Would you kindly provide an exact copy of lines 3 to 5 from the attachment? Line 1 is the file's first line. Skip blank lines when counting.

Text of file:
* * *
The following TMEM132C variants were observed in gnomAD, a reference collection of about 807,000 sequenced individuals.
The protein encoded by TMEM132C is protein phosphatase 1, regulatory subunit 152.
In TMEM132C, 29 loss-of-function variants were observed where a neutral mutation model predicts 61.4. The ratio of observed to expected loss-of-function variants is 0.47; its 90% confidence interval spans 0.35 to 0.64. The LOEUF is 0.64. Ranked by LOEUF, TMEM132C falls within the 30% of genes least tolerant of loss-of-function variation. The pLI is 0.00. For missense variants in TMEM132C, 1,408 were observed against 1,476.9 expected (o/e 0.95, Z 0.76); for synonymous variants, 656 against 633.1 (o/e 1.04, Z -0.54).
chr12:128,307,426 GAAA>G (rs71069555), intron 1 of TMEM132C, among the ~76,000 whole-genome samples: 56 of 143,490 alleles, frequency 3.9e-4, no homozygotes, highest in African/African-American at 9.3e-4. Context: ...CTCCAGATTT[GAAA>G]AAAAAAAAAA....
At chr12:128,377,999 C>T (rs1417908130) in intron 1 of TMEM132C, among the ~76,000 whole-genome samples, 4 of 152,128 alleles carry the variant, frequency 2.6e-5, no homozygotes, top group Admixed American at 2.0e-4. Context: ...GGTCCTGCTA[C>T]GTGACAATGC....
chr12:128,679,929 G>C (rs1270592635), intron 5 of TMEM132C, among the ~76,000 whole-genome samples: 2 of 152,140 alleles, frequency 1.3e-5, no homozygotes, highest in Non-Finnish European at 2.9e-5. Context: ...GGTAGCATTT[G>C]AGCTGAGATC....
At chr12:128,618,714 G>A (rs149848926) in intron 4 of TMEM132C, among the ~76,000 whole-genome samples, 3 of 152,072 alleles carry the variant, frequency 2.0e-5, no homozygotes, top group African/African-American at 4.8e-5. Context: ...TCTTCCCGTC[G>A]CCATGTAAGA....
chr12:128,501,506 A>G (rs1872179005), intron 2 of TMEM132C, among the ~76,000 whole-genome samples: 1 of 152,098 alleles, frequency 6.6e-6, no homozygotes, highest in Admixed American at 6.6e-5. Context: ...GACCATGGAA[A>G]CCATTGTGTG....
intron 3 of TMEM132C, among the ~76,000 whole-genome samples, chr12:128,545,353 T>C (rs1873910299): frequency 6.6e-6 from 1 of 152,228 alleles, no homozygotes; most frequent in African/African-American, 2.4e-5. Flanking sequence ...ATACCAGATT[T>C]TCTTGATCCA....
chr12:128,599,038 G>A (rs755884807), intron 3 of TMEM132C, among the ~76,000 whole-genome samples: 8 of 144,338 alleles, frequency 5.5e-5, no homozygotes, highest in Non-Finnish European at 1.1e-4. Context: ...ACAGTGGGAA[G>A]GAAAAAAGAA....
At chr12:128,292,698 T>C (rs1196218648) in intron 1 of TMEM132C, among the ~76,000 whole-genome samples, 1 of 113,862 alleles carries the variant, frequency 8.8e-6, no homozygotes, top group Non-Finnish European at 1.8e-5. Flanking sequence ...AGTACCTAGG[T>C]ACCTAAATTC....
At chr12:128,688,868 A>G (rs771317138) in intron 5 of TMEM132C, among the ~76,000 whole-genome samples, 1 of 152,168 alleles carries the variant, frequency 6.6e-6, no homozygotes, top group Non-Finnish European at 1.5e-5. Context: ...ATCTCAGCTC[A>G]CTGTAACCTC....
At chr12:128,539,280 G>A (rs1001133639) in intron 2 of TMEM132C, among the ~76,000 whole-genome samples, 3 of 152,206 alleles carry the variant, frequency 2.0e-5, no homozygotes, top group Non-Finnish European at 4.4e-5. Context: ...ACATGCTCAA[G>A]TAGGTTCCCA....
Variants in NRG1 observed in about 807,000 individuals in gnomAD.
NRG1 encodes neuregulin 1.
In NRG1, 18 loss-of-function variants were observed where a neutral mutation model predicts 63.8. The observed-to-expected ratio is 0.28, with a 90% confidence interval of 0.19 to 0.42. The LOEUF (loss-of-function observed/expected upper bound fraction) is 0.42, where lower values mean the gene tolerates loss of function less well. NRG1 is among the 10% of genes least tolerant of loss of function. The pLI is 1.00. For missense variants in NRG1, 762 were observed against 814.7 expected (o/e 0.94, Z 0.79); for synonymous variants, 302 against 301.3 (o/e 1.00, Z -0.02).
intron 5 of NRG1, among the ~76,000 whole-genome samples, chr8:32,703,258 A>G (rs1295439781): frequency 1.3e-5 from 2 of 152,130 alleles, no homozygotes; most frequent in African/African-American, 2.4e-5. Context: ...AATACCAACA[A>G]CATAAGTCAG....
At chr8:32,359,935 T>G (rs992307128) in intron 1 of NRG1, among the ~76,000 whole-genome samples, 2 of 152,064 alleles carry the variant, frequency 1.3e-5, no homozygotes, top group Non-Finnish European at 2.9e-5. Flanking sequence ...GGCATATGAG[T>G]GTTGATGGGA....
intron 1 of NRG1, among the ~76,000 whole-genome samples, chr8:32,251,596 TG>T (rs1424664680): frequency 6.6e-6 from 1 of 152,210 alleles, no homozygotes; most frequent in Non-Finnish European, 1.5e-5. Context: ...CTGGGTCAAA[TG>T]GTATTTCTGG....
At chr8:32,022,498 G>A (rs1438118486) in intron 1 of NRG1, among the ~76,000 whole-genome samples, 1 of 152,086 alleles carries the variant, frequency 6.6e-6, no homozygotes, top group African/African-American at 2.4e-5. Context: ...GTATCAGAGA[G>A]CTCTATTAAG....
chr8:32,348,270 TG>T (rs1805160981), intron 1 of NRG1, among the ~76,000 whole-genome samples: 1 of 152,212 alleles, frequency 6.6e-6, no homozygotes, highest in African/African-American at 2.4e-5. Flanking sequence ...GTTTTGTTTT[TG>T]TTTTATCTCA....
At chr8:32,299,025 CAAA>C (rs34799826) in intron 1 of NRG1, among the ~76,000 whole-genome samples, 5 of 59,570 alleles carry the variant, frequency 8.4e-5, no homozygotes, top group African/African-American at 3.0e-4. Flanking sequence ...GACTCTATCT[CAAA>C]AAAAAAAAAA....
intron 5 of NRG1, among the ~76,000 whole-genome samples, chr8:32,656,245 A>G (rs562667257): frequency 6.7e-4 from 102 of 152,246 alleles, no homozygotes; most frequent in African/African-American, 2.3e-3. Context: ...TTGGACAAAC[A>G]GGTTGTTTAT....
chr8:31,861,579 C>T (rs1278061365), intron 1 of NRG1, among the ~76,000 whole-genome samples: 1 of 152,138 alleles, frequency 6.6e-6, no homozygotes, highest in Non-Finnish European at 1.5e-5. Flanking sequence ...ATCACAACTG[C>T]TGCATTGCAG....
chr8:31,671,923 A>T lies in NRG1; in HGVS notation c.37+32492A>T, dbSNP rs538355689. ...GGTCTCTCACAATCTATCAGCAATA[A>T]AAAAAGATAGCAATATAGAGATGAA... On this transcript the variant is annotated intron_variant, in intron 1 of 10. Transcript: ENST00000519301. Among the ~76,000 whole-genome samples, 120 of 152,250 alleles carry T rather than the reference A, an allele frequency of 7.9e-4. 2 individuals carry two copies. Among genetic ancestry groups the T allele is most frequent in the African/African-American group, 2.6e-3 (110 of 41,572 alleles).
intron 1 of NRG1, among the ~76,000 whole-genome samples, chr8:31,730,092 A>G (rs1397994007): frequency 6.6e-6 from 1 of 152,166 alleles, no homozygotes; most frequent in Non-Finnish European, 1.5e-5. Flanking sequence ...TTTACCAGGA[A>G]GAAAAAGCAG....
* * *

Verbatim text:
In TMEM132C, 29 loss-of-function variants were observed where a neutral mutation model predicts 61.4. The ratio of observed to expected loss-of-function variants is 0.47; its 90% confidence interval spans 0.35 to 0.64. The LOEUF is 0.64. Ranked by LOEUF, TMEM132C falls within the 30% of genes least tolerant of loss-of-function variation. The pLI is 0.00. For missense variants in TMEM132C, 1,408 were observed against 1,476.9 expected (o/e 0.95, Z 0.76); for synonymous variants, 656 against 633.1 (o/e 1.04, Z -0.54).
chr12:128,307,426 GAAA>G (rs71069555), intron 1 of TMEM132C, among the ~76,000 whole-genome samples: 56 of 143,490 alleles, frequency 3.9e-4, no homozygotes, highest in African/African-American at 9.3e-4. Context: ...CTCCAGATTT[GAAA>G]AAAAAAAAAA....
At chr12:128,377,999 C>T (rs1417908130) in intron 1 of TMEM132C, among the ~76,000 whole-genome samples, 4 of 152,128 alleles carry the variant, frequency 2.6e-5, no homozygotes, top group Admixed American at 2.0e-4. Context: ...GGTCCTGCTA[C>T]GTGACAATGC....